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Making an Impact: Dr. John Thornton

February 18, 2014
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Courtesy: Texas A&M Athletics
(photo: Texas A&M Athletics)

Check out the latest in our feature series, "Making an Impact".

Each week we'll look at a moment, personality, organization or tradition that makes Texas A&M Athletics and those support it and compete for it so special.

Listen to John Thornton on Studio 12 Live (2/19/14):

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AGGIELAND LEGEND

Appropriately, Dr. John Thornton to be honored by SEC
for a lifetime of service to Texas A&M Athletics

by Rusty Burson
12th Man Magazine

Standing at a crossroads of his coaching career, John Thornton decided in the early 1990s that it was time to either take the next step in the collegiate basketball ranks or to step out of the profession.

He’d already been the head coach in high school and junior college; he’d served as an assistant coach at the Division I level for almost a decade; and he’d even been an interim head coach at Texas A&M for roughly half a year at the conclusion of the 1989-90 season.

Following the end of that season, Thornton took a long look in the mirror and then analyzed his career direction. He essentially gave himself this ultimatum: Move up or move on.

“I was 40-years-old, and I threw my name into the head coaching hat at a couple of schools,” the engaging Thornton recalled. “I made it as a finalist for a couple of jobs at the mid-major level. But ultimately, those didn’t work out. I didn’t know exactly what I wanted to do, but I didn’t want to be an assistant again. I’d been there, done that. I was in limbo for about five months before I finally decided to go the administrative route.”

Good decision for Thornton. And Texas A&M. The administrative route kept Thornton and his family in Aggieland…where he still is today and where he probably belonged all along.

That’s not to say that Thornton wouldn’t have made an outstanding collegiate head coach. It’s just difficult to imagine Dr. John Thornton making a lasting impact at any Division I school other than Texas A&M.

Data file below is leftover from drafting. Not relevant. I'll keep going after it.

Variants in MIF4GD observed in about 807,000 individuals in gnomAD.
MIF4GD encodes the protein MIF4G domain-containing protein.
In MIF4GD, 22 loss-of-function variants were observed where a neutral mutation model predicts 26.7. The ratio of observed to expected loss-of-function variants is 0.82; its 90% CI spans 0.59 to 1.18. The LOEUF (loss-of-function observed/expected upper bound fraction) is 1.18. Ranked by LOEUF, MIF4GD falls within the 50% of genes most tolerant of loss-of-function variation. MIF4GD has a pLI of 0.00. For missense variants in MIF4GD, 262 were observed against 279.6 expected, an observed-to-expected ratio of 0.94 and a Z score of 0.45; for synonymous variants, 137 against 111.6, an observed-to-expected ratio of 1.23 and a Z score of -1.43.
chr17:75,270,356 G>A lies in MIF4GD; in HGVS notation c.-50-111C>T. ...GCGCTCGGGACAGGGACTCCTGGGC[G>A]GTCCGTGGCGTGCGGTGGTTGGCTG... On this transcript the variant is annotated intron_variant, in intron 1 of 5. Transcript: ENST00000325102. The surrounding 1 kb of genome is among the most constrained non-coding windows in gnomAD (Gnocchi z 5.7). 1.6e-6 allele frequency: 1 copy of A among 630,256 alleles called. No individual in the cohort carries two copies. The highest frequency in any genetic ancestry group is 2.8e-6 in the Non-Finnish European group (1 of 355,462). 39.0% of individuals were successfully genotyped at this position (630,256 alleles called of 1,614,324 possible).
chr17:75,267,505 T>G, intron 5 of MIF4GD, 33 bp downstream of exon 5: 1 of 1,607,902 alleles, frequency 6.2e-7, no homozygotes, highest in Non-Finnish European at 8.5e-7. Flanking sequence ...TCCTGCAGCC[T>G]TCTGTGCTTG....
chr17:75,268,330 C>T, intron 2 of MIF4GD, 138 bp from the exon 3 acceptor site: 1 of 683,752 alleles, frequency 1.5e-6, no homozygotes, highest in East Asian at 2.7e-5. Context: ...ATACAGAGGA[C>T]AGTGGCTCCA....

When I heard (the SEC would honor me), the first thing I thought of was, ‘I can only think of about a dozen people who deserve this honor before me'. But I am honored, and I know that it is reflective of my entire body of work."

Thornton, the son of former Yell Leader Bill Thornton (Class of ’50), was born to be an Aggie. He was practically raised on the campus, and he fulfilled a childhood dream by leading the 1974-75 Aggies to the Southwest Conference championship as a senior captain. His first job as a graduate assistant was at A&M

Thornton, now an executive professor and director of the TAMU Coaching Academy, also served A&M as the Sr. Associate A.D./Student-Athlete Development and the interim Director of Athletics. Thornton, who holds three degrees from A&M, is probably as deeply rooted in Aggieland as some of the oak trees on campus.

He has impacted the athletics department at so many levels over the past four decades, and he is truly one of the legends of Aggieland. Appropriately, the Southeastern Conference recently recognized Thornton as Texas A&M’s representative among the 2014 SEC Basketball Legends.

The 14 members of the class of Legends will officially be honored at the SEC men’s basketball tournament set for March 12-16 at the Georgia Dome in Atlanta.

The 2014 class includes Eddie Phillips, Alabama; Clint McDaniel, Arkansas; Gerald White, Auburn; Greg Stolt, Florida; D.A. Layne, Georgia; Tony Delk, Kentucky; Mahmoud Abdul-Rauf (Chris Jackson), LSU; Ansu Sesay, Ole Miss; Erick Dampier, Mississippi State; John Brown, Missouri; Gary Gregor, South Carolina; Dr. Ed Wiener, Tennessee; and Matt Freije, Vanderbilt